How to Install & Configure UFW Firewall on Ubuntu 22.04 LTS

One of the keystones of any operating system is a properly configured firewall for complete system security. Ubuntu uses IP tables; however, most users will use software that works as a front end with UFW (Uncomplicated Firewall).

Some of the great benefits of UFW are its simplicity, user-friendly and easy-to-use command line, making it great for beginners in Linux to the most advanced power users.

In the following tutorial, you will learn to install and set up UFW Firewall on Ubuntu 22.04 LTS Jammy Jellyfish desktop or server using the command line terminal along with some basic examples of using UFW. Please note that the tutorial covers some points that are commonly used. UFW can achieve much more and be integrated into software such as ModSecurity and Fail2Ban, to name a few. Still, for the majority, this tutorial is a great start.

Update Ubuntu

Before you begin, run a quick update to ensure your system packages are up-to-date to avoid conflicts.

sudo apt update && sudo apt upgrade -y

Enable, Install or Remove UFW

By default, UFW should be installed, but if this has been removed, re-install UFW.

sudo apt install ufw -y

Once installed, enable ufw.

sudo systemctl enable ufw --now

Next, verify the status of UFW to make sure it is active and without errors.

systemctl status ufw

Example output:

Install/Enable Configure UFW Firewall on Ubuntu 22.04 LTS

The next step in setting up a UFW firewall will be to enable the firewall itself.

sudo ufw enable

Example output:

Firewall is active and enabled on system startup

By default, all incoming traffic is blocked automatically, and all outbound is allowed once the firewall is live. This instantly will protect your system by stopping anyone from connecting remotely to your system.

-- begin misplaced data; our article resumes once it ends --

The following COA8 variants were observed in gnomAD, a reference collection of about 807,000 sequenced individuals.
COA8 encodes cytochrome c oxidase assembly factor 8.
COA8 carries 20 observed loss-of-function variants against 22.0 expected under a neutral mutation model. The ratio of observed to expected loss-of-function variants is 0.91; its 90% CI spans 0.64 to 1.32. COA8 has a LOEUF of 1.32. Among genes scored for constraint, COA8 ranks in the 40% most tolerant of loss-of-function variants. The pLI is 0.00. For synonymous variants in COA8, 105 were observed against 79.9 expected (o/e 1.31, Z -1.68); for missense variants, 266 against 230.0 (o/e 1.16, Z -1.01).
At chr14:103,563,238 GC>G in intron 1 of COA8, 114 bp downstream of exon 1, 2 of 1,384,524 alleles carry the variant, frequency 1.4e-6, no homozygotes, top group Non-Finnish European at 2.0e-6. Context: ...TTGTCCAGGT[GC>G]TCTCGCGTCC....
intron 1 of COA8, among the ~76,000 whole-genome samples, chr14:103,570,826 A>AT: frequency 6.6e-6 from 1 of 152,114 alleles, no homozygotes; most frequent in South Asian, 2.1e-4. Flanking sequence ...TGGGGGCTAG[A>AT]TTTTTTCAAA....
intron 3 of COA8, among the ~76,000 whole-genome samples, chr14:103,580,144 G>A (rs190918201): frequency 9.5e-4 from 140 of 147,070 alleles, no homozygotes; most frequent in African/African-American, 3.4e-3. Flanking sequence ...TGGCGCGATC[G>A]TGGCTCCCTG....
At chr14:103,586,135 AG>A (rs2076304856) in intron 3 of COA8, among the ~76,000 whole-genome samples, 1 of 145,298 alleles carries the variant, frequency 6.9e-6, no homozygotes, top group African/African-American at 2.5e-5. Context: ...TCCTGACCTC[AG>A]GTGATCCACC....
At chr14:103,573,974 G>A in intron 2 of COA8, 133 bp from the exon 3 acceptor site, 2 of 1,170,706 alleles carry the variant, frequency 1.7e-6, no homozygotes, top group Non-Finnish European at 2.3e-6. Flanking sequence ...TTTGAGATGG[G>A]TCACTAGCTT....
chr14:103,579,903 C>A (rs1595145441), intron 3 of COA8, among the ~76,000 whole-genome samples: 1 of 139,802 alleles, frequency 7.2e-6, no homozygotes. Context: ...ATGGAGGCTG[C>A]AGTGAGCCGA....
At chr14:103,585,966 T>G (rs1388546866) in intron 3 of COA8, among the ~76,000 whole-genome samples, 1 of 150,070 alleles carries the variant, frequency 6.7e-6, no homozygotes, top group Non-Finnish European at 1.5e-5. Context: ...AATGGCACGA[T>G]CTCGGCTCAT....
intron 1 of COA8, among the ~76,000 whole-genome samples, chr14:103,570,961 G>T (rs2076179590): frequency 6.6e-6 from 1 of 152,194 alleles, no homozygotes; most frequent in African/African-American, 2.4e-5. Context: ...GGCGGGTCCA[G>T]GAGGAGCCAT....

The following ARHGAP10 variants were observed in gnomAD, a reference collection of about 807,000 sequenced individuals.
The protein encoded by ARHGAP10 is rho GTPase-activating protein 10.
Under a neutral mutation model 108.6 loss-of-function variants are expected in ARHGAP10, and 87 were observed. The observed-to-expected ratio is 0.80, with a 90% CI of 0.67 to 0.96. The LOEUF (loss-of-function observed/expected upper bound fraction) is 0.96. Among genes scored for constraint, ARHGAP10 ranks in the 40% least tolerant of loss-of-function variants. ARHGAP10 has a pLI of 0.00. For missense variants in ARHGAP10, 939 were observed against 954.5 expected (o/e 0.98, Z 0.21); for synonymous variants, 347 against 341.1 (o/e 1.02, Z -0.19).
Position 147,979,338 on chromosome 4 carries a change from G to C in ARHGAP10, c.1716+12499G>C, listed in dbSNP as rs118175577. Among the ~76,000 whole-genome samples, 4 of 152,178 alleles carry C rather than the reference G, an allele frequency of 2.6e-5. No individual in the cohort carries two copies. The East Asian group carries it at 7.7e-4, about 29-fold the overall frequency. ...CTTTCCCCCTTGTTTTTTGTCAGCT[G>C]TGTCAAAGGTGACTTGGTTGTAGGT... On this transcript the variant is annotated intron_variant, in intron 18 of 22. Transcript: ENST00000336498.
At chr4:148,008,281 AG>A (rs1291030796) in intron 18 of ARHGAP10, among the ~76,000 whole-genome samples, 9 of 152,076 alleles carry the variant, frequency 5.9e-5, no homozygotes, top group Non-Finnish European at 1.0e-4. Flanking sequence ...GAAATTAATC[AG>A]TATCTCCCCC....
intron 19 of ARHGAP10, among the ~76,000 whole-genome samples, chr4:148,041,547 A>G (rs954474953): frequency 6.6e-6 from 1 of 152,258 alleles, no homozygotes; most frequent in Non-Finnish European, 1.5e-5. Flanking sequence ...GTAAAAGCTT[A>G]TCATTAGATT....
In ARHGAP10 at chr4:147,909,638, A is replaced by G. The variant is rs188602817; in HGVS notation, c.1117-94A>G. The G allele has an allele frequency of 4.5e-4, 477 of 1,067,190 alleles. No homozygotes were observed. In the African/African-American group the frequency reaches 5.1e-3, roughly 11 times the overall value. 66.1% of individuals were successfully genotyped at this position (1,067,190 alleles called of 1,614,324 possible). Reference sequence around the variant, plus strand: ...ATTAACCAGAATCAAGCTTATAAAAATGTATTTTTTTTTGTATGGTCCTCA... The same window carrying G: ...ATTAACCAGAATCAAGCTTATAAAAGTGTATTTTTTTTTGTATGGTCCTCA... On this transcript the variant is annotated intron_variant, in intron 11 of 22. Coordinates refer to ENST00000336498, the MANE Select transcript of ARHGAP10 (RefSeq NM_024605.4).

In the future, if you need to disable UFW for a temporary period, use the following command.

sudo ufw disable

To remove UFW altogether from your system (Not Recommended).

sudo apt remove ufw --purge

Do not remove UFW unless you have a solid option or know how to use IPTables, especially when running a server environment connected to the public. This will be disastrous.

Check UFW Status

Once UFW is enabled, view the status of firewall rules and what is active use the following.

sudo ufw status verbose

Example output:

Install/Enable Configure UFW Firewall on Ubuntu 22.04 LTS

The above example used the verbose flag, and an alternative option is to list the rules in number sequence, which is far more manageable later on when deleting rules.

sudo ufw status numbered

Example output:

Install/Enable Configure UFW Firewall on Ubuntu 22.04 LTS

You now have [1], [ 2] number labels on your UFW rules for identification as the above output has it.

Set/Configure UFW Default Policies

The default policy of the UFW firewall is to deny all incoming connections and only allow outbound connections to the system. Typically the most secure default way with no one can reach your server unless you allow IP address/ranges, programs, ports, or combinations of all. Your system, by default, can access the outside, which you should not adjust unless you have specific security requirements.

The default UFW firewall policies can be found in the location /etc/default/ufw.

To adjust the rules by typing the following command:

Deny all incoming connections:

sudo ufw default deny incoming

Allow all outgoing connections:

sudo ufw default allow outgoing

This is already set as the default rules when enabled, but you can use the same principle to change them around to suit your purpose.

For example, all incoming communication is blocked by default, but you want all outgoing blocked and allow only approved connections outbound, then use the following command.

Block all outgoing connections:

sudo ufw default deny outgoing

This is an extreme measure; blocking incoming connections is usually enough for the average server and desktop, but specific environments can benefit from the extra security precaution. The downside is you need to main all outgoing connections, which can be time-consuming, continually setting new rules.

View UFW Application Profiles

To show all application profiles, you can do so by typing the following.

sudo ufw app list

Example output:

Install/Enable Configure UFW Firewall on Ubuntu 22.04 LTS